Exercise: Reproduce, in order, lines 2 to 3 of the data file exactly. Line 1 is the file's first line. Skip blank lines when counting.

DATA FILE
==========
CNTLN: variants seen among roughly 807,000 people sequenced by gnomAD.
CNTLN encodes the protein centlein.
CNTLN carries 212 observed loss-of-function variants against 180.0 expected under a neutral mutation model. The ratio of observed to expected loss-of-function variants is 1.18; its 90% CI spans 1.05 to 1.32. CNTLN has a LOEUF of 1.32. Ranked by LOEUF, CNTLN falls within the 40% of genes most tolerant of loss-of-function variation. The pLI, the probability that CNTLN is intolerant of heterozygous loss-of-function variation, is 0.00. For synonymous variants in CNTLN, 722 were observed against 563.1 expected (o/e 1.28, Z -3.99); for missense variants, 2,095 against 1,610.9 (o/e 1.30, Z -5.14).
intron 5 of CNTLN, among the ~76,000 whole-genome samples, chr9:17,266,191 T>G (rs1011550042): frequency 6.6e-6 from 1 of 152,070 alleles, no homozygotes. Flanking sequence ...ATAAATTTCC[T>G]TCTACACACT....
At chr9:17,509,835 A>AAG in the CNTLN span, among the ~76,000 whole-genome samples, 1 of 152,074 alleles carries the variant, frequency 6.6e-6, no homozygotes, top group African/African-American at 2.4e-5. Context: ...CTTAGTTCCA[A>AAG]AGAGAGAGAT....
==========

CNTLN encodes the protein centlein.
CNTLN carries 212 observed loss-of-function variants against 180.0 expected under a neutral mutation model. The ratio of observed to expected loss-of-function variants is 1.18; its 90% CI spans 1.05 to 1.32. CNTLN has a LOEUF of 1.32. Ranked by LOEUF, CNTLN falls within the 40% of genes most tolerant of loss-of-function variation. The pLI, the probability that CNTLN is intolerant of heterozygous loss-of-function variation, is 0.00. For synonymous variants in CNTLN, 722 were observed against 563.1 expected (o/e 1.28, Z -3.99); for missense variants, 2,095 against 1,610.9 (o/e 1.30, Z -5.14).